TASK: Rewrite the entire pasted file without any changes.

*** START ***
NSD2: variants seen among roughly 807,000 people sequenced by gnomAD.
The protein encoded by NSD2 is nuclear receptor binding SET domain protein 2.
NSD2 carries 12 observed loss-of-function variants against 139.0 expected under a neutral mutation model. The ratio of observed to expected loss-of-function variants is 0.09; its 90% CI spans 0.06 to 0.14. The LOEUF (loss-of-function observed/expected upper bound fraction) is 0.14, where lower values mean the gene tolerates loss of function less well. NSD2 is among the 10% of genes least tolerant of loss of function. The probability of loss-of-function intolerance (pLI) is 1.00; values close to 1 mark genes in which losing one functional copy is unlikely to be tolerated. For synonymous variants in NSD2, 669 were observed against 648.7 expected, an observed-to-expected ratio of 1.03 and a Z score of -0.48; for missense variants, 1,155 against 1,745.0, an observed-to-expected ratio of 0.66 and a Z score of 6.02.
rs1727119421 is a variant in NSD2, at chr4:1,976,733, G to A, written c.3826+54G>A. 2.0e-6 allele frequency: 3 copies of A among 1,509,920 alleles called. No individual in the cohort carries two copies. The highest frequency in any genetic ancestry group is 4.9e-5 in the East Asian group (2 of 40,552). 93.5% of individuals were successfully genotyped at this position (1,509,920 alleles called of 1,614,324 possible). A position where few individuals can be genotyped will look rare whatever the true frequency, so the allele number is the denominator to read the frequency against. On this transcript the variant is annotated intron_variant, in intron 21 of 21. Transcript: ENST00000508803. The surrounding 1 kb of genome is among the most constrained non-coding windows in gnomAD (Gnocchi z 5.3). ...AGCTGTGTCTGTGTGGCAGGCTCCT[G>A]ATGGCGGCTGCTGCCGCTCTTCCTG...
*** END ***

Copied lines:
NSD2: variants seen among roughly 807,000 people sequenced by gnomAD.
The protein encoded by NSD2 is nuclear receptor binding SET domain protein 2.
NSD2 carries 12 observed loss-of-function variants against 139.0 expected under a neutral mutation model. The ratio of observed to expected loss-of-function variants is 0.09; its 90% CI spans 0.06 to 0.14. The LOEUF (loss-of-function observed/expected upper bound fraction) is 0.14, where lower values mean the gene tolerates loss of function less well. NSD2 is among the 10% of genes least tolerant of loss of function. The probability of loss-of-function intolerance (pLI) is 1.00; values close to 1 mark genes in which losing one functional copy is unlikely to be tolerated. For synonymous variants in NSD2, 669 were observed against 648.7 expected, an observed-to-expected ratio of 1.03 and a Z score of -0.48; for missense variants, 1,155 against 1,745.0, an observed-to-expected ratio of 0.66 and a Z score of 6.02.
rs1727119421 is a variant in NSD2, at chr4:1,976,733, G to A, written c.3826+54G>A. 2.0e-6 allele frequency: 3 copies of A among 1,509,920 alleles called. No individual in the cohort carries two copies. The highest frequency in any genetic ancestry group is 4.9e-5 in the East Asian group (2 of 40,552). 93.5% of individuals were successfully genotyped at this position (1,509,920 alleles called of 1,614,324 possible). A position where few individuals can be genotyped will look rare whatever the true frequency, so the allele number is the denominator to read the frequency against. On this transcript the variant is annotated intron_variant, in intron 21 of 21. Transcript: ENST00000508803. The surrounding 1 kb of genome is among the most constrained non-coding windows in gnomAD (Gnocchi z 5.3). ...AGCTGTGTCTGTGTGGCAGGCTCCT[G>A]ATGGCGGCTGCTGCCGCTCTTCCTG...